On May 8, the mobile app Agora launched a free photo competition. Entries had to adhere to the theme of aerial photography. The finalists were revealed last week, and they’re incredible.
From intricate skylines to desolate natural landscapes, the competition received 9,018 submissions in total. Ewold Kooistra won first place and walked away with a $1,000 prize for his photograph titled “A magic morning in The Netherlands.” The Agora app is known for its globally inclusive photo contests that draw a large pool of participants, both amateur and professional. Here are this year’s most stunning submissions.
Kooistra woke up at 4:00 AM and drove out to Zaanse Schans, near Amsterdam, to capture this scene of a foggy morning. “The wind had turned and blown the fog in the direction of the windmills. I had only 50 percent battery left on my drone and took off to find a unique angle to capture this place. When I looked on my phone to see the drone view it was like a dream,” he told Agora.
Another finalist was Will Markezana for this photograph titled “Overcrowded,” depicting a densely populated Dameisha Beach in China. Markezana said, “The crowd density was so high, I had to gain quite a lot of altitude to make it fit in the frame. At that point, those indistinguishable people started to create a pattern that I found even more powerful and fascinating.”
Sjoerd Bracke made it to the top 50 with his image titled “Floating in the air!” Bracke captured a cable car ascending the Zhangjiajie National Park’s cliff mountains in China. “Within the park, there are altogether more than 8,000 cliff mountains, towering into the sky. During our ride, it was a misty morning which is why this scenery looks even more mysterious. We couldn’t believe our eyes when we rose above the clouds and this view appeared. I wanted to capture this the best way possible, putting my GoPro through the small window because shooting through the scratched glass wouldn’t turn out good at all. A minute later, the view disappeared again. Turned out we got lucky,” Bracke recalls.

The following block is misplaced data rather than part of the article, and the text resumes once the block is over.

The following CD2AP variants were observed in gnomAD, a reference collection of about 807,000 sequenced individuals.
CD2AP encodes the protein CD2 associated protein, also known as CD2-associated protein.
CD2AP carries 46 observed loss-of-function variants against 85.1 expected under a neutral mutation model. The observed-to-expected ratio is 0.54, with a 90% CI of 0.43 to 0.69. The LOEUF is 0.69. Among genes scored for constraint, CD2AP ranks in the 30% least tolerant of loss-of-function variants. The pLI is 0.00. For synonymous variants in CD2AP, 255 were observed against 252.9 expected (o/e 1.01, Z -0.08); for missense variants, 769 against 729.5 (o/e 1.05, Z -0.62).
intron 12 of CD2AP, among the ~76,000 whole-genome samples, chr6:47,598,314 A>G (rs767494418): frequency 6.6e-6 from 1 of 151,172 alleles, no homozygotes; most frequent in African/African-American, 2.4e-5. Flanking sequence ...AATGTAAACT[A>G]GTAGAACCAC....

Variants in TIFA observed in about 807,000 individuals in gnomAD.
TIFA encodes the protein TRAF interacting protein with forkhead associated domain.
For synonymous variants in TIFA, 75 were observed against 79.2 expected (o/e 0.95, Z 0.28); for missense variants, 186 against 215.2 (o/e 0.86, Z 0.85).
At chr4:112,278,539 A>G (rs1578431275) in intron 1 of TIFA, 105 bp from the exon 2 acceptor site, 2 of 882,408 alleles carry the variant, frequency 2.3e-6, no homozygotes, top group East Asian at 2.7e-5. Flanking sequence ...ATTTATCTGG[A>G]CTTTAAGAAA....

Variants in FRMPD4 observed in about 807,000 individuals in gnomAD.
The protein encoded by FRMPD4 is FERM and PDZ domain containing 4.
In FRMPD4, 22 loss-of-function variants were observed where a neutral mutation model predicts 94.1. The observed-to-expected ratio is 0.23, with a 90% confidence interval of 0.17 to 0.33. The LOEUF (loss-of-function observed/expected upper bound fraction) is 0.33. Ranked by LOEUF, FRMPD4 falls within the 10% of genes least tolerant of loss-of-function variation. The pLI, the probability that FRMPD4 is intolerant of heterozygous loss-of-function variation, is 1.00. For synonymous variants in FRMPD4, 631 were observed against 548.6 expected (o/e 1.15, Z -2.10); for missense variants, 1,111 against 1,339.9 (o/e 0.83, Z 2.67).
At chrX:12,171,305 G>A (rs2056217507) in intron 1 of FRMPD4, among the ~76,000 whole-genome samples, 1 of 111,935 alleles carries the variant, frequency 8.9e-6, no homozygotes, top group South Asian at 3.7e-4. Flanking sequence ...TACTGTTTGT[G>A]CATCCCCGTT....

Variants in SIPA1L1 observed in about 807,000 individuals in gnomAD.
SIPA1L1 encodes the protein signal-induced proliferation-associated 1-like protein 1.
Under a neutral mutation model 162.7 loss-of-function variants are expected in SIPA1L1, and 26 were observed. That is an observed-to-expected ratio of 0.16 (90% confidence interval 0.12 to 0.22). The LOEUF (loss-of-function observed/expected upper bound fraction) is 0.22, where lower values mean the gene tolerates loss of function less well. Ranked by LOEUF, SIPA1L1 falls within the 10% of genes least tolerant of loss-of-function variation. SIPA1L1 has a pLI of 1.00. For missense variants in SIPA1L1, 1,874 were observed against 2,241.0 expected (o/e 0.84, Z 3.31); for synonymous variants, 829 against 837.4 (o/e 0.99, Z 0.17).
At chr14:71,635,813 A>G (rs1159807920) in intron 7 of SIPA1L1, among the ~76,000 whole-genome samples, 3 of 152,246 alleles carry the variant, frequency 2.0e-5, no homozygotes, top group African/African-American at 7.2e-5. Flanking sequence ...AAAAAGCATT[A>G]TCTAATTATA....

Johan Vandenhecke captured a hauntingly beautiful panorama of Colombia’s Tatacoa Desert, marked by intricate patterns created by the drought in the region. “You can see how the drought slowly scraped out these patterns and structures. Imagine the time that has been needed to create this, layer by layer; that’s just mind-boggling,” said Vandenhecke.
Mark Curé’s “Early morning trip” made it to the top 50 with the mysterious aerial shot of the Pyramid of Austerlitz surrounded by a dense forest.
James Theo gained online recognition for his shot of a pristine mountain scene in the Dolomites. In the photo, a crystal clear lake is dotted by traditional wooden boats, lying motionless in the early hours of the day. “The Dolomites area is full of picturesque landscapes, and no trip would be complete without a visit to Lago di Braies. I arrived in hope of a sunset but that did not happen; instead, I was greeted with some moody conditions with loads of low clouds. I enjoy shooting in challenging conditions and I was still determined to get some shots of this beautiful place,” said Theo.
“Racing the tide to safety” is another submission that made it to the final stages of judging. Captured by Luke Simpson, the shot of a car cruising the Fraser Island highway surrounded by crashing waves on one side and sandy dunes on the other conveys a strong feeling of urgency. The photographer described the view as “an ever-evolving landscape where giant dunes meet crystal clear water.”
Katharina Imhof captured a car snaking its way across a snow-covered road in Allgäu, Germany. “It was such a cold day. There was fresh snow and I wanted to take my dream shot. A lot of people around the world have never experienced snow so I wanted to show them the beauty of winter through my photo,” Imhof shared.
Twinkling lights, colorful tents, and bustling life radiate from Michelle Wandering’s shot of a market in Bangkok, Thailand. Wandering said, “The lesson to learn from this photo: if you’re in a place to do some photography, don’t just stay at the location itself. Do some research beforehand and look around the area to find unique points of view.”
Blake Hobson captured a stunning view of deep, blue water and a surfer about to hop on a massive wave in Perth, Australia.
“Patterns of Death Valley” depicts a single explorer roaming a desolate desert landscape amid a symmetrically curved dune. Photographer Matt Cannon shared, “I wanted to convey the beauty and scale of this unique location. It was important to photograph early as the temperatures here can reach 134 °F during the day!”
Jordi Sark beautifully captured Singapore Changi Airport, one of the world’s most well-known. The photo showcases its most recognizable area — the indoor waterfall, rainforest, and passenger train that makes its way across the terminal.